On 10/08/2010 04:27 PM, Perry E. Metzger wrote:
> I have a client with the following problem. They would like to
> encrypt all of their Windows workstation drives, but if they do that,
> the machines require manual intervention to enter a key on every
> reboot. Why is this a problem? Because installations and upgrades of
> many kinds of Windows software require multiple reboots, and they
> don't want to have to manually intervene on every machine in their
> buildings in order to push out software and patches.
> (The general threat model in question is reasonably sane -- they
> would like drives to be "harmless" when machines are disposed of or if
> they're stolen by ordinary thieves, but on the network and available
> for administration the rest of the time.)
> Does anyone have a reasonable solution for this?

1) Thanks for being explicit about the threat model and objectives.
 As is so often the case, what the client wants is probably not
 exactly what the client is asking for.

2) In this case, I reckon the client would be content to encrypt
 _everything of value_ on the drive ... even if this is not quite
 the entire drive.

 In particular: On every normal boot, the machine boots into a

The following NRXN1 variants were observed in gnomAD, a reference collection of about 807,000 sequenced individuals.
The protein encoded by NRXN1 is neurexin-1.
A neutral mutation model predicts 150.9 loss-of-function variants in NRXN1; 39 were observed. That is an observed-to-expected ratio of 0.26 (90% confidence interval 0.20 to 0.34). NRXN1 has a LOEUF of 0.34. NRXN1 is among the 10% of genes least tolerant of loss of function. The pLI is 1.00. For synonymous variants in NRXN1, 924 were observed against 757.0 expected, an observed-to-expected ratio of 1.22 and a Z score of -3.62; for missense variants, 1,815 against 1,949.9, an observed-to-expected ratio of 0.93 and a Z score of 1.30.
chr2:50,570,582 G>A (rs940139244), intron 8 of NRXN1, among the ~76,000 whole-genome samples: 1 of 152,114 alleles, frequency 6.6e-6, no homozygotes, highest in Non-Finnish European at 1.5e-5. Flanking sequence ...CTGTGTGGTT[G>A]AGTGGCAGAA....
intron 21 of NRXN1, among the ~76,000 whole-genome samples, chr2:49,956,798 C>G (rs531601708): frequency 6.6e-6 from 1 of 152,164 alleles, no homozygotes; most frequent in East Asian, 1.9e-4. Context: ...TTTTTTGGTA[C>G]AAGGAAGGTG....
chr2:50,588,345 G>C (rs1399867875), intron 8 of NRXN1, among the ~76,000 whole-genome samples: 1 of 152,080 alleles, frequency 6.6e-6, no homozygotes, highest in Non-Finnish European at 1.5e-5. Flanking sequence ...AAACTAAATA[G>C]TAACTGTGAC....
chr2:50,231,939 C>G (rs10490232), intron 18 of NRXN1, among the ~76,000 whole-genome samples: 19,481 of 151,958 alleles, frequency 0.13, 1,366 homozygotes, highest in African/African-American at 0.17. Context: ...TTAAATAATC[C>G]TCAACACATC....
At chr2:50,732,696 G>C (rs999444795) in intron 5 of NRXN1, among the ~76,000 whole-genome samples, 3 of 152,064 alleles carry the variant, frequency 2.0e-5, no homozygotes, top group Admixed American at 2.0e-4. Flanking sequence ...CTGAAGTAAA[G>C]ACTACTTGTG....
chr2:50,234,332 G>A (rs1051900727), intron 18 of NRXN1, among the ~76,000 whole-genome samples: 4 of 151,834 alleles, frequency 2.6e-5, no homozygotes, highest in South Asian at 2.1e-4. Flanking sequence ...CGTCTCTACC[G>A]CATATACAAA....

preliminary kernel that uses key A to request key B over the
 network.  Key B is the disk key, which then gets stored in some 
 guaranteed-volatile place that will survive a chain-boot but
 not survive anything else.  Then the pre-kernel chain-boots

 To be clear:  The entire Windows partition is encrypted, but 
 the pre-kernel lives in a tiny partition of its own that is not

 If the machine is stolen, it is immediately harmless because it 
 is no longer connected to the network.  If the machine is to be
 disposed of *or* if theft is detected or suspected, then the 
 keyserver that hands out disk-keys will stop serving the key 
 for that machine, so even if it is reconnected to the network 
 somehow it is still harmless.  For icing on the cake, the keyserver
 can check IP addresses, virtual circuits, etc. ... to check that 
 a machine that is supposed to be on the secure wired network has 
 not suddenly relocated to the insecure wireless network that serves
 the lobby and leaks out into the parking lot.

 If the network is down and somebody wants to boot his machine
 anyway, he can type in the key by hand.

3) The same effect can be achieved using a hypervisor / VM approach,
 rather than chain-booting.  The same effect can be achieved by
 messing with grub, although that would be more work.  The same
 effect can be achieved by messing with coreboot, but that would
 be even more work.

4) If the customer absolutely insists that "the entire Windows drive"
 be encrypted, just add another drive, perhaps a very small flash drive.

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